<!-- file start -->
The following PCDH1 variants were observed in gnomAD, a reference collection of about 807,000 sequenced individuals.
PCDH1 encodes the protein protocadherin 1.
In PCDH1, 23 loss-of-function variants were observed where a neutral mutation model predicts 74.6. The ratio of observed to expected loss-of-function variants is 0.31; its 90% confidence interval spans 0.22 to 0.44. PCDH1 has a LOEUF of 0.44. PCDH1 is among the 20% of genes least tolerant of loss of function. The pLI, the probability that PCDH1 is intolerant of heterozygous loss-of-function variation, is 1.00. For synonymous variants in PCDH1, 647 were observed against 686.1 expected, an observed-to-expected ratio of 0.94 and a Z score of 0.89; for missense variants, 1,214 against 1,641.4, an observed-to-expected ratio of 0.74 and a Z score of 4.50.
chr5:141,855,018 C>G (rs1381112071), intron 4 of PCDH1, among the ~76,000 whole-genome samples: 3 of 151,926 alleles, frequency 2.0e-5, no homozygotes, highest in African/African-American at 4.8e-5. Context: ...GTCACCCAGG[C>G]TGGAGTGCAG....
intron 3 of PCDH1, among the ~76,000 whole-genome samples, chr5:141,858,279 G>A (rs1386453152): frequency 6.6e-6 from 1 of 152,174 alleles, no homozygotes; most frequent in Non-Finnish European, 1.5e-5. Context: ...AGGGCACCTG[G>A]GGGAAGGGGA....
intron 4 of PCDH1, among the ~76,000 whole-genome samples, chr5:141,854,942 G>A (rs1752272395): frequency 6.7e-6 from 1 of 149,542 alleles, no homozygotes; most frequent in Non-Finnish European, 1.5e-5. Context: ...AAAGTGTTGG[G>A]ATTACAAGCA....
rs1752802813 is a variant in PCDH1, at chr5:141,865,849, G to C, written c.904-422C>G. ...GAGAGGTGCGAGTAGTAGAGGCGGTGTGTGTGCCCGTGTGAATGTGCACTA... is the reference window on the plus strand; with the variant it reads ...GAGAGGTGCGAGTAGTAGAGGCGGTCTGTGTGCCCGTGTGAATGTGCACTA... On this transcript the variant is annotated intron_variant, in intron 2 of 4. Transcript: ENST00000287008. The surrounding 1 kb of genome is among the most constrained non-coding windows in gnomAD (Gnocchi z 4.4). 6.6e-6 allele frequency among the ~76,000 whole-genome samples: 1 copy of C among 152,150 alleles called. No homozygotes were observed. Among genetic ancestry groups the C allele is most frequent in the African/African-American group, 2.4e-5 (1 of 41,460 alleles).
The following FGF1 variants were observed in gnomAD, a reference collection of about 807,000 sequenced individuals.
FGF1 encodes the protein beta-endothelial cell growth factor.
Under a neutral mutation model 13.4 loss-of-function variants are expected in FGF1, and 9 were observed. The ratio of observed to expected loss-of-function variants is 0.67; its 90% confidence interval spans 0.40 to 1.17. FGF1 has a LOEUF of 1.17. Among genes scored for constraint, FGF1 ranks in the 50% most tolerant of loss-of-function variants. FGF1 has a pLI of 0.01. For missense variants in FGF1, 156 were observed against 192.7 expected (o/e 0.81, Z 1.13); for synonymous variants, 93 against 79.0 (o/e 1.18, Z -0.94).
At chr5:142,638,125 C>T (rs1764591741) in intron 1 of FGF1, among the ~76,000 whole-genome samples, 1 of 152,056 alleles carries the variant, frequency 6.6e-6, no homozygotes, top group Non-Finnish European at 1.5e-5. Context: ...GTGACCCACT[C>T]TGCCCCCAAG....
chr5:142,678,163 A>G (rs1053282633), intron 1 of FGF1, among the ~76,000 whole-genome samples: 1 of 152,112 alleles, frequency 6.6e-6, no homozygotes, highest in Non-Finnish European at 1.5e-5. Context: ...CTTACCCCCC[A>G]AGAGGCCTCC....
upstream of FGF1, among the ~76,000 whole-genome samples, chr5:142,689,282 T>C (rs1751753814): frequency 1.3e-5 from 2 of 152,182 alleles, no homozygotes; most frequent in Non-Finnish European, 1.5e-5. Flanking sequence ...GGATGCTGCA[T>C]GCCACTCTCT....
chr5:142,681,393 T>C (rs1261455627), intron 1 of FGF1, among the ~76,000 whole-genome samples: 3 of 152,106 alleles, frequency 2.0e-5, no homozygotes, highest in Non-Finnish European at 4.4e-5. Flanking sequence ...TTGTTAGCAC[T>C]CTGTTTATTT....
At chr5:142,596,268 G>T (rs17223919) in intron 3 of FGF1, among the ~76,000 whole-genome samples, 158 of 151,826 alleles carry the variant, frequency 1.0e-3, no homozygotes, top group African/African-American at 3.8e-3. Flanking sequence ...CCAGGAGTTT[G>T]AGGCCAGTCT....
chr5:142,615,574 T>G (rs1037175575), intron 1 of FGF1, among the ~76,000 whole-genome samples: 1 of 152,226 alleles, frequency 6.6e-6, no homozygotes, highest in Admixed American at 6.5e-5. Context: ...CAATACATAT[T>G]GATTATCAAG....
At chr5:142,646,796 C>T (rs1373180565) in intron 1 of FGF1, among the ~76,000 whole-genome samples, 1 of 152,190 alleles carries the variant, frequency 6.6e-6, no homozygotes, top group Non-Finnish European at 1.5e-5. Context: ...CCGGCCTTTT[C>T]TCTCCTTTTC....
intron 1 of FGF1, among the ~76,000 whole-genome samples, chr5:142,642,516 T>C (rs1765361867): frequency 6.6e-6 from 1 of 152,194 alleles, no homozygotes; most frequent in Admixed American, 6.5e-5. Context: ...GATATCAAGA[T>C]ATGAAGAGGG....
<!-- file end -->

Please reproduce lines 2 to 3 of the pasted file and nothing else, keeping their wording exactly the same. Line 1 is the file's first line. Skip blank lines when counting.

PCDH1 encodes the protein protocadherin 1.
In PCDH1, 23 loss-of-function variants were observed where a neutral mutation model predicts 74.6. The ratio of observed to expected loss-of-function variants is 0.31; its 90% confidence interval spans 0.22 to 0.44. PCDH1 has a LOEUF of 0.44. PCDH1 is among the 20% of genes least tolerant of loss of function. The pLI, the probability that PCDH1 is intolerant of heterozygous loss-of-function variation, is 1.00. For synonymous variants in PCDH1, 647 were observed against 686.1 expected, an observed-to-expected ratio of 0.94 and a Z score of 0.89; for missense variants, 1,214 against 1,641.4, an observed-to-expected ratio of 0.74 and a Z score of 4.50.